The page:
The Modern Antiquarian. Stone Circles, Ancient Sites, Neolithic Monuments, Ancient Monuments, Prehistoric Sites, Megalithic MysteriesThe Modern Antiquarian

Loch of Tankerness

Ancient Village / Settlement / Misc. Earthwork


Thought I'd try the Loch of Tankerness again for Raymond Lamb's double BA house/settlement. The stone in the field by Grieves Cottage is now down. Would have liked to know if anything was thereby revealed but new fences were then being set up in the field. Between the loch banks and the loch itself is a very wide flat margin, and though the water level appears to be now lower this margin has dried out considerably. A not quite row of rectangular features has come to light (or at least become more obvious through 'drainage'), long ends facing the loch. Coming south from the gothic boathouse the first one [A] is totally dried out and would seem natural with low opposing linear rocky outcrops/walls forming the long ends with big brown slabs covering three sides and a short line of erect stones coming from landward to the northern end of the long east side. There are two stones that look to form a smal circular arc. The next depression [B] is like a cross betwen semi-circle and rectangle, it is filled with grass and there are only a few of the large brown slabs. The third feature [C] is still a pool, has well-formed sides of that low rocky outcrop (the north side is definitely untouched natural with very long rocks as has the lochward side), no large brown slabs. Its south and east sides are fairly unformed. What is most fascinating, however, is the way that the pool is sub-divided narrow-ways by angled 'causeways' of mostly small stones. Not all of these visibly go all the way between the long sides. They remind me of the stone rows I had seen around the Harray loch. Why not perpendicular ? My thought was fish traps [?fishponds], though I had no idea why this was sectioned up. The next dried-out pond [D] is distinctly L-shaped and regular. The last feature [E] also still holds water and almost has a complete division. With these last two you can look across at the burnt mound and [groan] ponder connections. At the Waterhall end is a drained arm of the loch, the bottom revealed by nature or artifice, I know not which. So after the time of Raymond's drought did the loch levels never recover in the time since or could his features now be permanently exposed but unseen ? wideford Posted by wideford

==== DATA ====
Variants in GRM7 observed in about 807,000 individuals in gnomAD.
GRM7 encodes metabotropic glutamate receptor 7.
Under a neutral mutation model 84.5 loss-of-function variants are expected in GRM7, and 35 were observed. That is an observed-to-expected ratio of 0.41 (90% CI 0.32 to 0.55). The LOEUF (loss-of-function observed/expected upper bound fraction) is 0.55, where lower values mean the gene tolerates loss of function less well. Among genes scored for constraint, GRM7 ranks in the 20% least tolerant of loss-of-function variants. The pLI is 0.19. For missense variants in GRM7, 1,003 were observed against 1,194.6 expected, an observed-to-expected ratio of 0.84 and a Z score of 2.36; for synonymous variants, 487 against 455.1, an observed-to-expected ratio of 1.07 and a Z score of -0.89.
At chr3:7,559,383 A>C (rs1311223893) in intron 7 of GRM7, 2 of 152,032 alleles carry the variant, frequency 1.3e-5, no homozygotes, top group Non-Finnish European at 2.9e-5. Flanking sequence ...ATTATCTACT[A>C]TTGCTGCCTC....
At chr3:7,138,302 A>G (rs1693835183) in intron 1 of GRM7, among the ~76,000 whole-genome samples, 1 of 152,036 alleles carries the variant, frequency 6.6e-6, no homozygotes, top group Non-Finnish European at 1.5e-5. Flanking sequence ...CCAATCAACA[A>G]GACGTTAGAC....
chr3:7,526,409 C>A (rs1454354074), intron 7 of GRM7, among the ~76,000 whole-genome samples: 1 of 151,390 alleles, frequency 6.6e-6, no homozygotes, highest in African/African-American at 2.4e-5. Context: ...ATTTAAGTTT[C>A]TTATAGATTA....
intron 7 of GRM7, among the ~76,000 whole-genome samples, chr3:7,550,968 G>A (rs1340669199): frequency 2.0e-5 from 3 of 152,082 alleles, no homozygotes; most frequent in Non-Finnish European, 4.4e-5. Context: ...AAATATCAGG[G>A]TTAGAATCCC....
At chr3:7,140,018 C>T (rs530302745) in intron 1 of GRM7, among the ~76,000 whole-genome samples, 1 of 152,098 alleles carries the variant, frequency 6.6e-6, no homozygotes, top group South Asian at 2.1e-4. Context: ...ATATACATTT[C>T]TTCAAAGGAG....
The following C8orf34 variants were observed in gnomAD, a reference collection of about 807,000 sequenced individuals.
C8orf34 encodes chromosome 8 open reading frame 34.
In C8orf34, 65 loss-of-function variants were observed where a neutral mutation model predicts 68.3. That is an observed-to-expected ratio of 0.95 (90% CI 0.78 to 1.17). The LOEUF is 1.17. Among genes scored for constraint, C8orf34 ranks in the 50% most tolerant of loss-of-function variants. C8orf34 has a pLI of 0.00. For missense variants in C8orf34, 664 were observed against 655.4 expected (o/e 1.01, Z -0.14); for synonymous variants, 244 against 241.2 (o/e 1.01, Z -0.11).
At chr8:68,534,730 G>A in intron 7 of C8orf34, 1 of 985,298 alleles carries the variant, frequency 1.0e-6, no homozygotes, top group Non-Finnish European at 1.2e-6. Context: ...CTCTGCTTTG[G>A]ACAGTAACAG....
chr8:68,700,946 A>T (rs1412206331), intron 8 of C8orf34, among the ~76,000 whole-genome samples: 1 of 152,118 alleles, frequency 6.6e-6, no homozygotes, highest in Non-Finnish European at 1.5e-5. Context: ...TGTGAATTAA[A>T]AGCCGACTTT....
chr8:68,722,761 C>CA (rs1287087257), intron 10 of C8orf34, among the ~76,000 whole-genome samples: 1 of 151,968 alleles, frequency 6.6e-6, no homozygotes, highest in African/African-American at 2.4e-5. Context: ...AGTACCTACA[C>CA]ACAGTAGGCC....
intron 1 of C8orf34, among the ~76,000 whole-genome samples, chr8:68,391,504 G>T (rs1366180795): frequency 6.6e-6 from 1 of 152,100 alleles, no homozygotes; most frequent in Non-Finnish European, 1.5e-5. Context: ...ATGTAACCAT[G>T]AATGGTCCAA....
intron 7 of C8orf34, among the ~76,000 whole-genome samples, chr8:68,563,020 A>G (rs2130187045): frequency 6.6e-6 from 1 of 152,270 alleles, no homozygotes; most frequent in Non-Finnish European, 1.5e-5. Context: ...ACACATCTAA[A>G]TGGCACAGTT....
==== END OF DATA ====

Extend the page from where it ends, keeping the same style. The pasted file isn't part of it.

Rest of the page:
24th August 2008ce

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